The one part of our work that I [Chris] have positively loved the most since entering our ministry life, is our co-workers. I’ve been amazed at some of their stories and have made some of the best friendships of my life in these last five years. This past weekend, I had a reaffirmation of just how much I love the people I work with.
I went to Dallas for the Evangelical Missiological Society conference. The event was held at the Graduate Institute of Applied Linguistics, where we studied in 2012 in preparation for the field. I had been asked to present during the conference and I also volunteered running sound and doing some photography at the conference. It was a full visit in more ways than one.
In part, it was full because I was busy. I was all around the conference taking photos whenever I wasn’t checking on projectors in the different presentation rooms. I also ran the sound board a few times for some sessions. In the middle of it all, I presented during a thirty-minute session. I don’t think I did a very good job on my session, but so be it. I like these things to marinate in my mind and I didn’t really have my topic fully “tenderized” in my head, so it was a little rough around the edges.
Even before the conference began, having arrived a day and a half early, I visited with two different longtime friends from Virginia that have relocated to Texas, in addition to seeing my sister and her family that live around the DFW area. Also, when the conference ended, I was able to visit briefly with the church that we called home during our time of training in 2012. Those visits were all fantastic and relationally rewarding.
But, with apologies to all, the greatest fullness from the weekend was from being “with my tribe…” my ethnoarts family. I was able to spend at least a little bit of time with more than 15 of my ethnoarts colleagues during four days at the campus in Dallas and it was straight up joy.
For those of you that at some point in your life have been in love, do you remember the butterflies you got in your stomach when you were about to ring the doorbell to pick up your date? The anticipation of the moment that you finally get to be with that someone special? That’s the feeling I get whenever I’m about to be with my tribe. I know it sounds silly, and maybe even foolish to describe it in those terms…but that’s the type of feelings I have when I’m with these folks. They are just awesome to be around and I can’t get enough of their company.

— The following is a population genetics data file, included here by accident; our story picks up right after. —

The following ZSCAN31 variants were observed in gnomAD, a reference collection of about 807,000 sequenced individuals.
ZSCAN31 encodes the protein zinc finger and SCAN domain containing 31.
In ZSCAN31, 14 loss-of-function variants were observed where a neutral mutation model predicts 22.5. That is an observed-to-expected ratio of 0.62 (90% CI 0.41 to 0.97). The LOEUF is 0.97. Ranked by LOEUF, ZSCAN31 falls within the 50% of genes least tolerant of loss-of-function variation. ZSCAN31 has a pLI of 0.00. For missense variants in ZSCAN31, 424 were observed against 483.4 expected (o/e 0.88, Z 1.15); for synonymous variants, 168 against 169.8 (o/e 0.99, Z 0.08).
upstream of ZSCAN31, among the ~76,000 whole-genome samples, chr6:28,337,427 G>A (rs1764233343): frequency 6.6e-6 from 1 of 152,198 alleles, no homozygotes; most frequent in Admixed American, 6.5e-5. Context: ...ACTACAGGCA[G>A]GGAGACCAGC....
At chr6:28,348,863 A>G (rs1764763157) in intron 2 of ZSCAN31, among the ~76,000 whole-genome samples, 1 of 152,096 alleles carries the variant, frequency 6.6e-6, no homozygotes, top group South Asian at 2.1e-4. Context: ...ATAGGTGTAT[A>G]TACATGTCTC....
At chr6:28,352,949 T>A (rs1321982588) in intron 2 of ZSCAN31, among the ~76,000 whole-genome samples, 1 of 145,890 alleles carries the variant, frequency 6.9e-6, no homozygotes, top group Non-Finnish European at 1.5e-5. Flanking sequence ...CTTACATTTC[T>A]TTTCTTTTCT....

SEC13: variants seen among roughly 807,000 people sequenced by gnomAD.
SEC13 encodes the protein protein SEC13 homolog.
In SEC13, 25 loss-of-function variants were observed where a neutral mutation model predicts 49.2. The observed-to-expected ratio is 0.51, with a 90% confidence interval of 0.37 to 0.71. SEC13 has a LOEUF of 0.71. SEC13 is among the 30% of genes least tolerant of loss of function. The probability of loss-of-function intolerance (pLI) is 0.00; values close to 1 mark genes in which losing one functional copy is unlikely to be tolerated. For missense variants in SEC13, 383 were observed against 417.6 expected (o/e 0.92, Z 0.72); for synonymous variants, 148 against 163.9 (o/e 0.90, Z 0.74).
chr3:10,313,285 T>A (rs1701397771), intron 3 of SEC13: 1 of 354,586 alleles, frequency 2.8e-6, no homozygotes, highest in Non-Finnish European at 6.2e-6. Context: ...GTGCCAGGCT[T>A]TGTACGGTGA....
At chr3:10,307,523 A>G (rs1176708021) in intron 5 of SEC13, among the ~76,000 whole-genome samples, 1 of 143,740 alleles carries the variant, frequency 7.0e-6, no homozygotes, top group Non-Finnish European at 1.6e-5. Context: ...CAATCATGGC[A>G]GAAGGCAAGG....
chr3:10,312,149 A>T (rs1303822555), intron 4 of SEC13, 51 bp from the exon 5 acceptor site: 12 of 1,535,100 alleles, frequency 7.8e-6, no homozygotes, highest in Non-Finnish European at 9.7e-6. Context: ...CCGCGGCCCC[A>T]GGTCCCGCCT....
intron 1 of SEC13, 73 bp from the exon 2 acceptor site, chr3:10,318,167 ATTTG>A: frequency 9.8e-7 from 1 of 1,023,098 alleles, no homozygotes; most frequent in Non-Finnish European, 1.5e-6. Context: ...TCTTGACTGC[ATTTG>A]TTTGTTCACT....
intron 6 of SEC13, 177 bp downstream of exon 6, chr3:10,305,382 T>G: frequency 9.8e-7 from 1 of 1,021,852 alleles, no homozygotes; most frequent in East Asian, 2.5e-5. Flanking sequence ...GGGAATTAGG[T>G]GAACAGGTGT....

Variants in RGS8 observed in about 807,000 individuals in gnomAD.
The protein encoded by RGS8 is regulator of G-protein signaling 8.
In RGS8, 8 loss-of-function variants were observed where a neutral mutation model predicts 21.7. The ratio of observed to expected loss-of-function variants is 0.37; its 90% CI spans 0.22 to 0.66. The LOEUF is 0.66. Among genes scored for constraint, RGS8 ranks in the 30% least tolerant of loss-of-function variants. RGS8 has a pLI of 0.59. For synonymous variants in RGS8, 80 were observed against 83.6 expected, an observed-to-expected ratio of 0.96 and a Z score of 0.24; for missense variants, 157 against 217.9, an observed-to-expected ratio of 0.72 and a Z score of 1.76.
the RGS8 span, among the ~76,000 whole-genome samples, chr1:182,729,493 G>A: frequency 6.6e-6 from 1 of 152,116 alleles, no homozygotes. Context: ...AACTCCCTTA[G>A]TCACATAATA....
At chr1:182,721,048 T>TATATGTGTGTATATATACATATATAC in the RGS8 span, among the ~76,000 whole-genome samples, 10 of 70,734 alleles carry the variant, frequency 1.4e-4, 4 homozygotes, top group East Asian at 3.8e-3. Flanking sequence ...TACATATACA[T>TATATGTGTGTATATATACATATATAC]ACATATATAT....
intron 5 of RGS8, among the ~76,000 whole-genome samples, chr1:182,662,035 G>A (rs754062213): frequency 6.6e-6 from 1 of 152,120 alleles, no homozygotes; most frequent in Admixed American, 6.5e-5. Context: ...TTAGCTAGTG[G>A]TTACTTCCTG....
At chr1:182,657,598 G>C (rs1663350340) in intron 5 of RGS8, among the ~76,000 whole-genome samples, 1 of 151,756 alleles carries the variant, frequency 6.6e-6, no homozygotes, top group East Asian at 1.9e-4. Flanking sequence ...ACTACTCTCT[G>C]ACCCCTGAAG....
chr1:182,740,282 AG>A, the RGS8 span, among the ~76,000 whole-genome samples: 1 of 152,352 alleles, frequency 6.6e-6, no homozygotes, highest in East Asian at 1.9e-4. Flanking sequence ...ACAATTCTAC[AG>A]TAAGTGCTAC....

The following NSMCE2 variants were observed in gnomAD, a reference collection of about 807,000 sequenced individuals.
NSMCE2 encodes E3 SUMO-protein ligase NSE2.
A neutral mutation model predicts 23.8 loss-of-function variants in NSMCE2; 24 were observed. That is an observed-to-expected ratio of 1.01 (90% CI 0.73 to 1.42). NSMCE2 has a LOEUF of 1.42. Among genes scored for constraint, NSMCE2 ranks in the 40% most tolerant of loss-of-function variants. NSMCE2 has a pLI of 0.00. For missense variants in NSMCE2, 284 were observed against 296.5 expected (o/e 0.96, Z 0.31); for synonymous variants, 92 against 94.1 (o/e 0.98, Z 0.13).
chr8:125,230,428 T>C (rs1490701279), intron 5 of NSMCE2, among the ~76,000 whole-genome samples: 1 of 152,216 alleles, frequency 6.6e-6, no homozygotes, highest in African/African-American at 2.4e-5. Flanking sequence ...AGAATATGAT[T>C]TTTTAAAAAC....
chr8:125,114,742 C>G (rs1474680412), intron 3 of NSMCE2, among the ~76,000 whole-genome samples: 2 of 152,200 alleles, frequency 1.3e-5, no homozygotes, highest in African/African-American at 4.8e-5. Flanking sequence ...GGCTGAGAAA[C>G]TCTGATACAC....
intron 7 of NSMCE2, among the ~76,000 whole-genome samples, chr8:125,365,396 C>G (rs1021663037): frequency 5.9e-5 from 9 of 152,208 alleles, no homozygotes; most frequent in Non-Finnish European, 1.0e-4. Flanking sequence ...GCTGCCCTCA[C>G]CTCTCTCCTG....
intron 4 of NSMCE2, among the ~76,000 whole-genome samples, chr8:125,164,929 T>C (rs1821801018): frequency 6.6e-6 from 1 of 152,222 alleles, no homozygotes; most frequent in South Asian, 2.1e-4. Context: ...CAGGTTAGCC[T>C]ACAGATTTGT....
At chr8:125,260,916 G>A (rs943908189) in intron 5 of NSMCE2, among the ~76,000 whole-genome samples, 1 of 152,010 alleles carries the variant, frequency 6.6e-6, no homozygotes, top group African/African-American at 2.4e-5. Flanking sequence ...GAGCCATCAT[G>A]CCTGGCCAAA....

One thing that has been really difficult to describe in our last few months of furlough is the closeness I have with my ethnoarts family and how it can be a bit taxing emotionally that some of us have such deep connections but are scattered far and wide around the world. I have colleagues from different domains that I love very much and that work right beside me in Cameroon…but it’s just not quite like being with my tribe.
So now it’s back to Virginia, where there is only one of my ethnoarts family nearby instead of more than a dozen. But be assured, my mind is always wandering to the big calendar in my head, thinking how long it is until the next time that I get to be with a large segment of the tribe…and the next time…and the next…even looking forward almost two years to various meetings and events where I will be enjoying some here and some there. I truly work with the best and most fun people in the world. You could say it’s bittersweet, but I don’t think that’s quite right: they’re so good, so sweet, that they outclass the bitter. Sweetbitter…that’s what we'll call it.
|With mentors and colleagues Frank Fortunato, Robin Harris, and Brian Schrag.|